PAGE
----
Sorry for taking some time to reply, Jeff. I was blown away by the details you gave and wanted to do some research related to it.

Your response made me realize that Burmese is an abugida language too. I’ve been learning it for about a year and a half, and never knew there was a term for such scripts!

Indeed, it sounds like your first language was probably quite a mess for “fiqu dosh vi fiqu don ul” to only mean “wind”! Did the “fiqu” part hold a specific meaning for it to appears twice?

I really like the auxiliary tensing word being added in front of the verb instead of at the end of it. I’ve never seen such a concept. So far, I had mostly seen conjugations or suffixes inflecting the verbs. Where did your inspiration come from for this? Also, did the annex evolve based on the surrounding terms (following a sort of clause system) or was it acting more or less like a conjunction without meaning when translated?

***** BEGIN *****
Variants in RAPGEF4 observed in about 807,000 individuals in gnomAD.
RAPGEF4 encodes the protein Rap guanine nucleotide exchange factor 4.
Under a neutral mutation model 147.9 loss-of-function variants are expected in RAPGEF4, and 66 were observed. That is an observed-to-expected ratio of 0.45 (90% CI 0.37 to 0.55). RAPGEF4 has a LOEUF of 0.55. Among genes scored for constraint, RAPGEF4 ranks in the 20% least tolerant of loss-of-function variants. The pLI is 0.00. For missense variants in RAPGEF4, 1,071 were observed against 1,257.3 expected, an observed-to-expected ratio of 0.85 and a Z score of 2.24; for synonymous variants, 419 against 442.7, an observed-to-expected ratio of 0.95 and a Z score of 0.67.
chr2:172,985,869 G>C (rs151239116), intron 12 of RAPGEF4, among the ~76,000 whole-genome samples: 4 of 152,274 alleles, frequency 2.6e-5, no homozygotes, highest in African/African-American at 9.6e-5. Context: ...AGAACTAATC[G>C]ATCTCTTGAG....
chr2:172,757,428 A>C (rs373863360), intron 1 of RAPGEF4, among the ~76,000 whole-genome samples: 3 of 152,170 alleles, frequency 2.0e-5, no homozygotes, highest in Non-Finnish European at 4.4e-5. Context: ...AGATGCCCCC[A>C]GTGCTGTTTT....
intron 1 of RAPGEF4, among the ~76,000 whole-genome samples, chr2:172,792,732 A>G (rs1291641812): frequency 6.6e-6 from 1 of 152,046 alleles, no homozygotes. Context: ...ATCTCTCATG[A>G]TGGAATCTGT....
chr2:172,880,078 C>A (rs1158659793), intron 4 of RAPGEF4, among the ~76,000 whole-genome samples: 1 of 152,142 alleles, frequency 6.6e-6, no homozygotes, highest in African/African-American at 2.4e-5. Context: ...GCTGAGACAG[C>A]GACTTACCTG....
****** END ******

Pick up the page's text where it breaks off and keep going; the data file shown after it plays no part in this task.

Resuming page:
Regarding Shionen’s lexicon, how are you imagining your software to solve the problem of relationships between words? Obviously, I lack quite a bit of knowledge in that area, but I wonder how to go about creating a “fake” connection between words. Wouldn’t the world developed around the language be what manufactures the connection? Either way, if your software simplifies the creation of relationships between words, this could be quite a revolutionary advancement for the world of conlangers!

By the way, I fell upon your glossary for your book and was fascinated by the consistency in creating the words for Koshin. I really like the nuance made by having “us-” or “uri-” to distinguish Old and current Koshin. Great attention to details!

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Polyglot speaking 6 languages. Writer. Helping the world to learn languages and become more understanding of others. Say hi → https://linktr.ee/MathiasBarra

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